Echo Chambers: Brexit and Social Media

Echo Chambers: Brexit and Social Media

After both the 2015 general election and the EU referendum this year I was shocked. It wasn’t possible that the Tories could have won a majority? It wasn’t possible that Britain actually wanted to leave the European Union? Had they not seen my Facebook feed? Every (wo)man and his dog had crawled out the woodwork and written a status for the first time since 2009 about their undying love for Ed Miliband and the lovely-jubbly-ness of the EU, surely the results were wrong?

This is the effect of the echo chamber. An echo chamber describes a hollow enclosure used to produce reverberated sounds and historically concert halls and opera houses were built with them to amplify music.  The phrase also describes your Facebook feed – an enclosed system where similar opinions to your own are echoed back to you. Chances are, your Facebook feed is full of like-minded young students who have had a similar upbringing to you and share your views of the world. Mine certainly is, I don’t often get to see the opinions of Paul and Janet, who are 64 years old and from Wakefield and struggle to make ends meet. For them it might have been obvious we were going to leave the EU, after all this had been their chance to make their voices heard for the first time in decades. Not to mention that Facebook desperately tried to feed you things it thinks you’ll like – it saw you liked that Jezza Corbz meme so it’ll show you another ten.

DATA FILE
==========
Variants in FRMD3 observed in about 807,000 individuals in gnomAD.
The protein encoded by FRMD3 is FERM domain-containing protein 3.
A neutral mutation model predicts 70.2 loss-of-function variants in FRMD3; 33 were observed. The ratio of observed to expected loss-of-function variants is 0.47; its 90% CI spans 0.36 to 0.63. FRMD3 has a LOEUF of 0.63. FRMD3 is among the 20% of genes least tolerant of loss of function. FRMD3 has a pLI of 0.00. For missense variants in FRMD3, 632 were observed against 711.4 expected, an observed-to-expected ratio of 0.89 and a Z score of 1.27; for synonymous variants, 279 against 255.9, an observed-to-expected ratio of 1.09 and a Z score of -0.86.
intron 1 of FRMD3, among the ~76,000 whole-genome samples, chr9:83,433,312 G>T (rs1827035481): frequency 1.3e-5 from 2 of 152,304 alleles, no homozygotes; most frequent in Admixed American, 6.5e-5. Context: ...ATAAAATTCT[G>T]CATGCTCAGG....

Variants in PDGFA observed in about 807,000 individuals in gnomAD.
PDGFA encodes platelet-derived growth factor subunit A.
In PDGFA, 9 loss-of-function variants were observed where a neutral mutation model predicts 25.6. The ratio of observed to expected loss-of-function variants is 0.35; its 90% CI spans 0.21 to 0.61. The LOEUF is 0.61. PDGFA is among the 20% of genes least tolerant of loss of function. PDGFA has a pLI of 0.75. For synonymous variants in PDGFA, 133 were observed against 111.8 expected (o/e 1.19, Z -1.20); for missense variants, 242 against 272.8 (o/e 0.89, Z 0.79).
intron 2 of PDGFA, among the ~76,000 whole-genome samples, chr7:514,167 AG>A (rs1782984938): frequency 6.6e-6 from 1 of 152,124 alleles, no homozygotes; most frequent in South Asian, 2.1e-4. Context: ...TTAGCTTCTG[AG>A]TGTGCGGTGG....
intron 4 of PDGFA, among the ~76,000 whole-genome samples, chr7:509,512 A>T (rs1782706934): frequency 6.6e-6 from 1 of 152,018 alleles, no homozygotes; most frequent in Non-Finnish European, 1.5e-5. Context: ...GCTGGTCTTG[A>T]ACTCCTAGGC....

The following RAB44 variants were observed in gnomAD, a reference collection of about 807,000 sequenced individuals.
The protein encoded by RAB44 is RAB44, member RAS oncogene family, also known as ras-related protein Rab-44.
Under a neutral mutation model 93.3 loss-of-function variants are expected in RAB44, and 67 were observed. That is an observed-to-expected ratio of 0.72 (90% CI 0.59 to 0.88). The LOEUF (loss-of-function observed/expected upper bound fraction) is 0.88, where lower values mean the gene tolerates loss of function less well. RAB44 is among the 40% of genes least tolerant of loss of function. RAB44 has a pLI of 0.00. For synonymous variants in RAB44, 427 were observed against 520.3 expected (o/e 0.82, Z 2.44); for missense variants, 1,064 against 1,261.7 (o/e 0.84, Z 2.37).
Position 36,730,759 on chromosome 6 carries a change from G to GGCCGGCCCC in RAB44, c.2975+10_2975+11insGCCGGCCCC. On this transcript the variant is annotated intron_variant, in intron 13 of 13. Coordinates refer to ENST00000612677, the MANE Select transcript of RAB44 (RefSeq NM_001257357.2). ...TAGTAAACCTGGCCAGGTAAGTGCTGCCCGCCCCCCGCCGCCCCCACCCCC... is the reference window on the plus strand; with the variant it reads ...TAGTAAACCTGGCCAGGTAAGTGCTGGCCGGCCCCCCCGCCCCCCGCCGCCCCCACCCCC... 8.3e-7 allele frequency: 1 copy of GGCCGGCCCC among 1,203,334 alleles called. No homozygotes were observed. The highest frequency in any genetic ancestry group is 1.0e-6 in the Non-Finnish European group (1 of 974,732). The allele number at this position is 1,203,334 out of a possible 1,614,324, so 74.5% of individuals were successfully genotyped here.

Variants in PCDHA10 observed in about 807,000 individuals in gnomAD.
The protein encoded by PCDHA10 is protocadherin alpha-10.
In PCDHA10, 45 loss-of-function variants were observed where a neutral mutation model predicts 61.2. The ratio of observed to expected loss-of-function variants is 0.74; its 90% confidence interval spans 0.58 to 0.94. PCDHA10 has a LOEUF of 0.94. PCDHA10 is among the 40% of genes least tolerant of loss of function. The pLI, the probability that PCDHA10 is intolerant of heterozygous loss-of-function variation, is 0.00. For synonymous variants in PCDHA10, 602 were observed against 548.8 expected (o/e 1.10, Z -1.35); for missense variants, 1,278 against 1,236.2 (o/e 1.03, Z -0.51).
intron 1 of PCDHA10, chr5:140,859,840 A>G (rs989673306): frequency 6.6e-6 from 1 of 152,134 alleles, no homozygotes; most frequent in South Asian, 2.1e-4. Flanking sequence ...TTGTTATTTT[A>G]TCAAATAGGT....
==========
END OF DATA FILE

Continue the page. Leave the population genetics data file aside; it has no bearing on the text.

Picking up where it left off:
Social psychologist Festinger says that when we’re faced with something that goes against the way we already think, we do what we can to avoid that thing; we avoid ‘cognitive dissonance’, as he calls it. We like hearing what we already believe and we like to reinforce our own opinions – we like the warm, cozy feeling of being right. So we’re going to click the ’15 reasons why Britain should remain’ Buzzfeed article over the ‘Europe Stinks’ Daily Mail article, if that’s what our mates are sharing on FB and that’s what we already think. But the reality is that our worldview becomes distorted – what we think is the general consensus actually isn’t.

Alice Myers